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Investigators cite harm from VA medical-record system set to launch in Boise. What now?

Idaho Statesman - 7/20/2022

The government has delayed the rollout of a new electronic health record-keeping system at the Boise VA Medical Center following a watchdog’s report that said a flaw led to harm to veterans at the VA hospital in Spokane.

“We know this program faces real problems,” Sen. Jon Tester, chairman of the Senate’s Veterans’ Affairs Committee, said at a U.S. Senate hearing on the matter Wednesday.

The U.S. Department of Veterans Affairs notified the committee Wednesday that the planned deployment of the system in Boise, which had been scheduled for Saturday, would be delayed. The decision to postpone follows its implementation in Spokane; Walla Walla, Washington; and Columbus, Ohio.

Nearly 150 instances of harm to veterans at Spokane’s VA hospital were reported by the VA Office of Inspector General, which found that a flaw in the program caused delays in patient care.

It’s unclear when the program’s implementation will resume.

Several VA sites have pushed the system’s implementation into 2023, according to Terry Adirim, executive director of the program at the VA.

The Spokesman-Review in Spokane reported Sunday that the inspector general’s draft report said Cerner Corp., which has a $10 billion contract to develop the system, knew about the flaw and failed to fix it or inform the VA. Cerner was acquired in June by Oracle, a multinational software company headquartered in Austin, Texas.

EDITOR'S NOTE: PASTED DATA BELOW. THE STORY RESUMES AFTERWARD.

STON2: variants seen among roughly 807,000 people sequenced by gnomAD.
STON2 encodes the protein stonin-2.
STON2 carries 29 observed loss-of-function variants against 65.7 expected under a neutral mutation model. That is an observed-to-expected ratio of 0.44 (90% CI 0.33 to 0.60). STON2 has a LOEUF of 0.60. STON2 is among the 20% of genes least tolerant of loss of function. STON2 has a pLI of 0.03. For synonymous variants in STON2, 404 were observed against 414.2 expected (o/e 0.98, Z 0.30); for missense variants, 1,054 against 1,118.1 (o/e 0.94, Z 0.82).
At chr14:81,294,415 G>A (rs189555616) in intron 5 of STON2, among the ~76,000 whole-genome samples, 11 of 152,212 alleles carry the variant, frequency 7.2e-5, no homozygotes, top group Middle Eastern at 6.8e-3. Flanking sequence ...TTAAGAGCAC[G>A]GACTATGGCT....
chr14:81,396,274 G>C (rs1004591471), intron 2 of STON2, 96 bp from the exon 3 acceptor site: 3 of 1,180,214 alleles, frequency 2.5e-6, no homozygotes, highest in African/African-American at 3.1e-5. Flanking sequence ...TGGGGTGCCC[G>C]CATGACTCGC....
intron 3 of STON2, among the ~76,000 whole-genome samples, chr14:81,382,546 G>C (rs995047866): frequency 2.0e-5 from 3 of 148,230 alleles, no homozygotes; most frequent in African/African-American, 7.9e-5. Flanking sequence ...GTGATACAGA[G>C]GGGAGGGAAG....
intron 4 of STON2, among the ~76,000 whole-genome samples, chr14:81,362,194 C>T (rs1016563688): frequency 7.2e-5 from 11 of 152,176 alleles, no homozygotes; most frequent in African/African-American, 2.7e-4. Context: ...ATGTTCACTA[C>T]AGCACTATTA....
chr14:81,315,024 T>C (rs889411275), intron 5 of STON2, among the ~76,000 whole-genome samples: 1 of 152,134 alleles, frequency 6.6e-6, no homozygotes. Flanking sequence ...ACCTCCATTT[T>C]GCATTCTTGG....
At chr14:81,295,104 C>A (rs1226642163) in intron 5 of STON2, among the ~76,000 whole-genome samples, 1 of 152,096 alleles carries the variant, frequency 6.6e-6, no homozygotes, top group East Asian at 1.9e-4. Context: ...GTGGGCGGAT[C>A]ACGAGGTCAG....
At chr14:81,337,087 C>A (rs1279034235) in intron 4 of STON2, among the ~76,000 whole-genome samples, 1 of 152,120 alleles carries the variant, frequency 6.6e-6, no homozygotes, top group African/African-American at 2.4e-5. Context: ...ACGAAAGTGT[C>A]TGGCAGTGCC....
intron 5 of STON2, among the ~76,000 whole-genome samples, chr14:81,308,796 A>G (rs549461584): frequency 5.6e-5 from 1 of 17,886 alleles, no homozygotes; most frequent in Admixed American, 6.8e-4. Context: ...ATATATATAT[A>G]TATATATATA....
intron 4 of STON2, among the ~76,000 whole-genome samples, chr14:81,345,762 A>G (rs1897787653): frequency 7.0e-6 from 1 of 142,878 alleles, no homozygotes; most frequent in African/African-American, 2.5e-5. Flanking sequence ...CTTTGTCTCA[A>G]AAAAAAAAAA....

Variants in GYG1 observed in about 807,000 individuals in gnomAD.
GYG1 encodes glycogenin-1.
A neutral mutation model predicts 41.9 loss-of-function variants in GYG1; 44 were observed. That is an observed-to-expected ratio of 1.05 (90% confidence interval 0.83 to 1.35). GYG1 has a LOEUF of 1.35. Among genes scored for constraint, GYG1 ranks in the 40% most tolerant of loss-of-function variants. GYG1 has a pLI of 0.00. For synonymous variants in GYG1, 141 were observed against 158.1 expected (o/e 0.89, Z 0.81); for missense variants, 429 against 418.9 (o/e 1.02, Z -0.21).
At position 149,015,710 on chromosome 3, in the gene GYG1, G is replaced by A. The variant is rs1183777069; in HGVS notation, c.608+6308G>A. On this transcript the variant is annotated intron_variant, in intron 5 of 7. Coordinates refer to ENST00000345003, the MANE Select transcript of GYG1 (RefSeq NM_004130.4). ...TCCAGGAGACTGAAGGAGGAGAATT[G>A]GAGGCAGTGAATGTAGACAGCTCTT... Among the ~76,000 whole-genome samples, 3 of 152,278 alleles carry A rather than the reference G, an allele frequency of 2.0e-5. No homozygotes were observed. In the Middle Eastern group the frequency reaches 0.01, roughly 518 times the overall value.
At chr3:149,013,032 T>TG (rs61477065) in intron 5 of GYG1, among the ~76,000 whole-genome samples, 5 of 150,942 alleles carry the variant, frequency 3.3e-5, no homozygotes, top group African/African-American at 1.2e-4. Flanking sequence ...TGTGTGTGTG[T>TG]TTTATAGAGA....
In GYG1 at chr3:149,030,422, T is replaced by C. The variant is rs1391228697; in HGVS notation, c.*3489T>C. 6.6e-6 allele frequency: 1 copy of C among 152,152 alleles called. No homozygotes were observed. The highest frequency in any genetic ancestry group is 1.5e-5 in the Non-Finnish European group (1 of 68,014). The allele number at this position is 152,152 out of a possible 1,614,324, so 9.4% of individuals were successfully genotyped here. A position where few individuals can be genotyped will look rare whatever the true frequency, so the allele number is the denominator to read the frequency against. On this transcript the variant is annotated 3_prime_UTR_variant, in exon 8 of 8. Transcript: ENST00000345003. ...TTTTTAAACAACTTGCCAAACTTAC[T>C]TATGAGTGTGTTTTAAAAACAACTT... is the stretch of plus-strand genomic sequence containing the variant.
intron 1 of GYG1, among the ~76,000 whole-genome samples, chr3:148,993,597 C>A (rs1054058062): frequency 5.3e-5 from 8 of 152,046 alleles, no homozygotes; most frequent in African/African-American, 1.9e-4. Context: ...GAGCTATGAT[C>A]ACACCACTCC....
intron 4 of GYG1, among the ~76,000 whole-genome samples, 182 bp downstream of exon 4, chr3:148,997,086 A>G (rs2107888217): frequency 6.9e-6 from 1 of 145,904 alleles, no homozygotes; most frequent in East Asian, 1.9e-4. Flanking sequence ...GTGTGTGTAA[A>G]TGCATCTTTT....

Several senators expressed outrage at the hearing.

“You are guaranteeing a mortality,” Sen. Richard Blumenthal, D-Connecticut, told Adirim. “My own thinking about this has gone from disbelief to anger to humor to simply outrage.”

An investigation from the inspector general found that two VA officials gave the agency inaccurate information regarding how proficient employees were at using the new system.

“It’s regrettable that anyone would submit information that was not accurate,” Adirim said.

She said the VA officials who provided inaccurate information have been held accountable but wouldn’t specify how, saying it is a personnel matter. After further questioning, she said the officials have not been removed from their positions.

Other senators expressed concerns about the amount of time needed to train staff on the system amid widespread staffing shortages in the health care industry.

In a Facebook post Wednesday, the Boise VA Medical Center said it would do everything possible to ensure a safe and successful deployment of the system.

“Adjustments to the go-live schedule and other important considerations simply reflect this due diligence,” the post said. “Patient safety and burden on our medical personnel are foremost on our minds.”

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